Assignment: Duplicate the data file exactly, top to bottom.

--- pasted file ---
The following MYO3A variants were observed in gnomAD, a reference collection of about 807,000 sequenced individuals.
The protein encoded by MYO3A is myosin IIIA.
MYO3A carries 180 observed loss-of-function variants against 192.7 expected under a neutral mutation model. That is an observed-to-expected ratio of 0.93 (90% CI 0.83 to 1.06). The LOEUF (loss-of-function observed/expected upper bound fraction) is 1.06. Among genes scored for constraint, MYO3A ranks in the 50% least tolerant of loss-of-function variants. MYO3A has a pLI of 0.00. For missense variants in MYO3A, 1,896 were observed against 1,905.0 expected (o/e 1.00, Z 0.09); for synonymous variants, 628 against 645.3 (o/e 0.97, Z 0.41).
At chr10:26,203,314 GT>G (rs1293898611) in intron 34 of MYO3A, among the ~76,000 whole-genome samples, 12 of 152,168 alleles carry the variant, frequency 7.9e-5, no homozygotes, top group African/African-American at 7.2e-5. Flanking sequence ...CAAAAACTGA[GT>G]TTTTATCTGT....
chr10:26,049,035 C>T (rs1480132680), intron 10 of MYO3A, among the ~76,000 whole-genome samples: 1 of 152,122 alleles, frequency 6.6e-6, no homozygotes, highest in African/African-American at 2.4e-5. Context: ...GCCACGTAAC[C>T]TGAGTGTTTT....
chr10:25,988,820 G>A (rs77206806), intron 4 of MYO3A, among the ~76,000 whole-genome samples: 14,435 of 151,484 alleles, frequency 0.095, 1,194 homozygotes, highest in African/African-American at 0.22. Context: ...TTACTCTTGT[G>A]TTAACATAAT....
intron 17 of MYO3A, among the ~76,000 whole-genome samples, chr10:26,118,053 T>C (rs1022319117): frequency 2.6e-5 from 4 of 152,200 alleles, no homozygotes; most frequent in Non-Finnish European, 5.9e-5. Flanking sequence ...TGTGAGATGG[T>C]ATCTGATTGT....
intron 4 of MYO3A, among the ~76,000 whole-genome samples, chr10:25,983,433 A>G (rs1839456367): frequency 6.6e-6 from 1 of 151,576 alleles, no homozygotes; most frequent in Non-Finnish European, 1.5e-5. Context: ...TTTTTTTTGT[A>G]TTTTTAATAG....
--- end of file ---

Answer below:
The following MYO3A variants were observed in gnomAD, a reference collection of about 807,000 sequenced individuals.
The protein encoded by MYO3A is myosin IIIA.
MYO3A carries 180 observed loss-of-function variants against 192.7 expected under a neutral mutation model. That is an observed-to-expected ratio of 0.93 (90% CI 0.83 to 1.06). The LOEUF (loss-of-function observed/expected upper bound fraction) is 1.06. Among genes scored for constraint, MYO3A ranks in the 50% least tolerant of loss-of-function variants. MYO3A has a pLI of 0.00. For missense variants in MYO3A, 1,896 were observed against 1,905.0 expected (o/e 1.00, Z 0.09); for synonymous variants, 628 against 645.3 (o/e 0.97, Z 0.41).
At chr10:26,203,314 GT>G (rs1293898611) in intron 34 of MYO3A, among the ~76,000 whole-genome samples, 12 of 152,168 alleles carry the variant, frequency 7.9e-5, no homozygotes, top group African/African-American at 7.2e-5. Flanking sequence ...CAAAAACTGA[GT>G]TTTTATCTGT....
chr10:26,049,035 C>T (rs1480132680), intron 10 of MYO3A, among the ~76,000 whole-genome samples: 1 of 152,122 alleles, frequency 6.6e-6, no homozygotes, highest in African/African-American at 2.4e-5. Context: ...GCCACGTAAC[C>T]TGAGTGTTTT....
chr10:25,988,820 G>A (rs77206806), intron 4 of MYO3A, among the ~76,000 whole-genome samples: 14,435 of 151,484 alleles, frequency 0.095, 1,194 homozygotes, highest in African/African-American at 0.22. Context: ...TTACTCTTGT[G>A]TTAACATAAT....
intron 17 of MYO3A, among the ~76,000 whole-genome samples, chr10:26,118,053 T>C (rs1022319117): frequency 2.6e-5 from 4 of 152,200 alleles, no homozygotes; most frequent in Non-Finnish European, 5.9e-5. Flanking sequence ...TGTGAGATGG[T>C]ATCTGATTGT....
intron 4 of MYO3A, among the ~76,000 whole-genome samples, chr10:25,983,433 A>G (rs1839456367): frequency 6.6e-6 from 1 of 151,576 alleles, no homozygotes; most frequent in Non-Finnish European, 1.5e-5. Context: ...TTTTTTTTGT[A>G]TTTTTAATAG....